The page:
Today I am in love with this delicious album called human problems and how to solve them (Ponytail records, out of the USA, or Antimatiere out of France) and in particular with the outstanding raw power of the honest precision of a line that repeats ‘it’s a very personal thing’ so it sounds like the Ultimate Truth cascading from the heavens. Which of course, when it comes to Pop, it most assuredly is.
It couldn’t be simpler.
Here’s an article kicking_k wrote for Plan B Magazine #35, July 2008.
‘Lispector is Julie and her recorder,” reads the sleeve notes of new Twisted Nerve release Guide To Personal Happiness. “From 1996 to 2000, Julie made numerous home-recorded cassette tapes, armed with a cardboard drum kit and a few yamaha keyboards… in 2004, [she added a] sequencer and started recording with eight tracks. Double the fun,” says the press release representing the Montplaisir resident. And her MySpace motto? “How can she be in a band if it’s only her?”
A stupid question can still be a valid question, so I repeat it back to her: “I don’t think I would have ever started recording if it wasn’t in my bedroom. It’s the best way – for me – to capture a moment or a mood.” She stays low, never fills all the spaces, never remotes enough to warp a note. Careful arrangements, simple, circling melodies, swimming into focus like a Polaroid: “I remember walking on rainy beaches/listening to Peaches…”
So… is this named after author Clarice Lispector?
“Yes. I remember reading an article about her and I loved the name right away. There was also a picture of her and I loved it; she looked so serious.”
Why do you write in English? Isn’t that frowned upon in France?
“I’ve always been listening to English music, and it just came naturally when I started singing. I liked the fact that I could sing in my bedroom without being understood by my famly and neighbours. Also, you can be surprised by words and expressions when you write in a foreign language.”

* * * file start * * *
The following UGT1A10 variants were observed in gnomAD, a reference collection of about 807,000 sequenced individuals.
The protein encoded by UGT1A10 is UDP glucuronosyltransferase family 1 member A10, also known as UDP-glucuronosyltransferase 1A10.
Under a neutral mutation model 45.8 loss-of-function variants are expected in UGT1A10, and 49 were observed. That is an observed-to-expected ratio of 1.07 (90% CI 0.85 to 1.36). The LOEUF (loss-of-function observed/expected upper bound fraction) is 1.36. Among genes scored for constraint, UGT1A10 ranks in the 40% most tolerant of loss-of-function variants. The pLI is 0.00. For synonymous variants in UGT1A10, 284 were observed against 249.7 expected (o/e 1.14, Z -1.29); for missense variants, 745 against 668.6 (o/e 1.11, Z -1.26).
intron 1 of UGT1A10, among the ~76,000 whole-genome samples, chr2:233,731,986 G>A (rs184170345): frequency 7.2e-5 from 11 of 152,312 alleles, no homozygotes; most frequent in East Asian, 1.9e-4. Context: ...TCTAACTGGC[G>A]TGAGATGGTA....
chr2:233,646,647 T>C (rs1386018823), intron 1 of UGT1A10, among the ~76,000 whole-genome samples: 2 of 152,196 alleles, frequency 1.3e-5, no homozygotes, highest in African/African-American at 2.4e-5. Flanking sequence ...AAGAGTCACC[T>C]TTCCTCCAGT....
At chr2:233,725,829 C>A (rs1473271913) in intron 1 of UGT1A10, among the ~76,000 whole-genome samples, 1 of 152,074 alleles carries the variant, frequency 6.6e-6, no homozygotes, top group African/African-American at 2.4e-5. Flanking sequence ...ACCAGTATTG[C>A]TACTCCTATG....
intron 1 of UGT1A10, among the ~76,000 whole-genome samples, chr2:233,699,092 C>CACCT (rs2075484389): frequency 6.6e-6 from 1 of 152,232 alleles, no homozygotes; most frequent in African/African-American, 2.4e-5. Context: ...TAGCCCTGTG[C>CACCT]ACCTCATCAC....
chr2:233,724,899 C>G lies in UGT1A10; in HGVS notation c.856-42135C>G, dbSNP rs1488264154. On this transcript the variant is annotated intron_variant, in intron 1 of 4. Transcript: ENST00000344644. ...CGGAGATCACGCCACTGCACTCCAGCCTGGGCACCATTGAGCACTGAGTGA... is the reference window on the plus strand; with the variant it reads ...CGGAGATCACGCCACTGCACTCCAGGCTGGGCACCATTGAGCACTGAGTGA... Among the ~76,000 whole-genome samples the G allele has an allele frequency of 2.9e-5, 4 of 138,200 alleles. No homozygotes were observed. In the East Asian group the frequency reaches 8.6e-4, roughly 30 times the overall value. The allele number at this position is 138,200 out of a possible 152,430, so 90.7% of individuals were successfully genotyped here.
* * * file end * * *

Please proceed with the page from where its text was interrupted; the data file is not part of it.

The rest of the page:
How do you decide what kind of instrument you’re going to use in a song?
“Different machines – and different sounds – have different personalities. Every guitar is different, too. I don’t really get attached to instruments, and actually I don’t have any that I really love, apart from the first yamaha keyboard I ever bought. But I do love that they all inspire you differenly, depending on your mood. They really make the music, not me.”
It’s not all fuzzy felt. ‘The Game’ is particularly sinister.“‘Play along with someone/Roll him into a ball, go along with the game/Kick the ball about…” slink the words over tranquilised synth pulses and higher, stressy organ lines which chicane tidily behind. “The game refers to how you need to take risks for the people you love, and how people play with each other sometimes, with their feelings and such. I guess I looked in the dictionary and found all those funny images about games and play, and really felt like they meant something deeper.” One could almost dance to it, but one would most certainly be dancing alone.
There’s more. On the guitar clank and tingle of ‘Winona Forever’, she matter-of-factly takes Johnny Depp not as a muse, but mouthpiece: “I’m gonna tattoo your name on my skin/Because I love you and I always will.” And however that third-person relationship worked out, there’s a sincerity to the sentiment all the stronger for having grown through self-protective irony; love is not negated even when departed. “You can change the way you lookk/But not the books you’ve read,” she intones, careful, certain. Past happiness is impregnable.
Her own verdict is economical and modest: “It’s a song about the time that passes and the fact that people change, all of that.” I think she’s quietly extraordinary, for all of this.